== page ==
Florian Ulm, Cristina Cruz and Cristina Máguas
Faculdade de Ciencias da Universidade de Lisboa, cE3c – Centre for Ecology, Evolution and Environmental Changes, Campo Grande, C2, 1749-016 Lisbon, Portugal
Mediterranean basin ecosystems are under increasing pressure from invasive species and especially ecosystem-engineers, such as woody legumes, are a major threat to ecosystem functioning and biodiversity, as they can profoundly alter soil nutrient cycles. As many Mediterranean soils are highly oligotrophic and nutrient limited, alterations in these cycles can be detrimental for the native vegetation, which is adapted to low nutrient input and exhibits low growth rates. On the contrary, invasive woody legumes, such as Acacia spp., which are highly invasive in Portuguese dunes and adjacent agricultural landscapes, grow rapidly, increase soil organic matter (SOM) levels, change soil nutrient cycles and create monospecific stands that fully replace the native vegetation.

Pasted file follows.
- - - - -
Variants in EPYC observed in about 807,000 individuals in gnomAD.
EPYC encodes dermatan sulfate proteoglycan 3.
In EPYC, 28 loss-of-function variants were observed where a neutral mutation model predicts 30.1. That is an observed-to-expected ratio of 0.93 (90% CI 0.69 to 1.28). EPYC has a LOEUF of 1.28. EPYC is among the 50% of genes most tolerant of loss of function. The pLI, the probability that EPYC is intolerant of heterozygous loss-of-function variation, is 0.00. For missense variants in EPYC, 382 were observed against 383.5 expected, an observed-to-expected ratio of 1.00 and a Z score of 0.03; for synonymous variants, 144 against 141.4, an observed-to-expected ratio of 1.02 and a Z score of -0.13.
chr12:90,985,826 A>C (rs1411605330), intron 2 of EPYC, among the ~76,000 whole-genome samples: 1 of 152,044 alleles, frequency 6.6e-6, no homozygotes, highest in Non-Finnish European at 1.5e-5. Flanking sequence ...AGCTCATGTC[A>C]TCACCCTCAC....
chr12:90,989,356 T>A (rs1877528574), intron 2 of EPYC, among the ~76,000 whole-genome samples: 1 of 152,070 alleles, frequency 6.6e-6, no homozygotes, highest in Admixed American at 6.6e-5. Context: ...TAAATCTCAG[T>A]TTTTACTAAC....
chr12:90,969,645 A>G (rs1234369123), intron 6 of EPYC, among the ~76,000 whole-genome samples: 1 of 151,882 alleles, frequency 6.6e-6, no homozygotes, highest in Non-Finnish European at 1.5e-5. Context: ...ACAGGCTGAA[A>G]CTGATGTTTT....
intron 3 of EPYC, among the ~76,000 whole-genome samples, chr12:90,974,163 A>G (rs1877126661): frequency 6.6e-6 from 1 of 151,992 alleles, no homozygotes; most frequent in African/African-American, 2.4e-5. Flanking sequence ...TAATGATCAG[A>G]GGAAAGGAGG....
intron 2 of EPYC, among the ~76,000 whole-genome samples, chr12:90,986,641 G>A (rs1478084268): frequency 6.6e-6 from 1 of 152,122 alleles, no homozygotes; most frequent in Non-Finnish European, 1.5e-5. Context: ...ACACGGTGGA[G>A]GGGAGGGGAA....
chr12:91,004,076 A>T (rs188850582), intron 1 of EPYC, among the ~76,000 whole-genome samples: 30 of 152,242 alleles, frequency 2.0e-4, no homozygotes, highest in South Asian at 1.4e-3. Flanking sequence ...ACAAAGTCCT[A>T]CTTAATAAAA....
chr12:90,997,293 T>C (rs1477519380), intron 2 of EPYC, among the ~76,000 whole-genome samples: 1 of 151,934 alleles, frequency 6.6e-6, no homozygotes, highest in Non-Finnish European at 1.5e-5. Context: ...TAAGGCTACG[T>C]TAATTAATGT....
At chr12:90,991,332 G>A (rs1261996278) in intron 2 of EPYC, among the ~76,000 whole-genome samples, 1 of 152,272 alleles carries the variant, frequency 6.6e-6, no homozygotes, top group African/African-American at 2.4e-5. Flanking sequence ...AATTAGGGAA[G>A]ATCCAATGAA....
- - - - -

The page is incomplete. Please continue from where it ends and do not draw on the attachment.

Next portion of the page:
However, the alterations have also been shown to be initially beneficial for nearby plants by increasing available N, SOM and soil microbial activities in general. This leads to increased foliar N and plant growth rates in nearby native plants and is a positive effect that is juxtaposed with the negative consequences of competition for other nutrients. Not only the native vegetation, but also agricultural fields, are under pressure from invasion and exhibit similarly low SOM levels. This creates a vicious cycle, as one of the consequences of low SOM is increased nutrient leaching, benefitting Acacia plants in adjacent strips of unused land.
Here, we propose a potential win-win situation in which we present the feasibility of using Acacia derived biomass as soil amendments in an agricultural setting, thus making use of its extraordinary biomass accumulation capacity. We close local nutrient cycles by modelling existing biomass using field based and remote sensing technology, compost the biomass to remove the seed bank, and successfully use the resulting amendment for food production. Also, we show how this applied work can help to deepen the understanding of invasion impacts on soil level.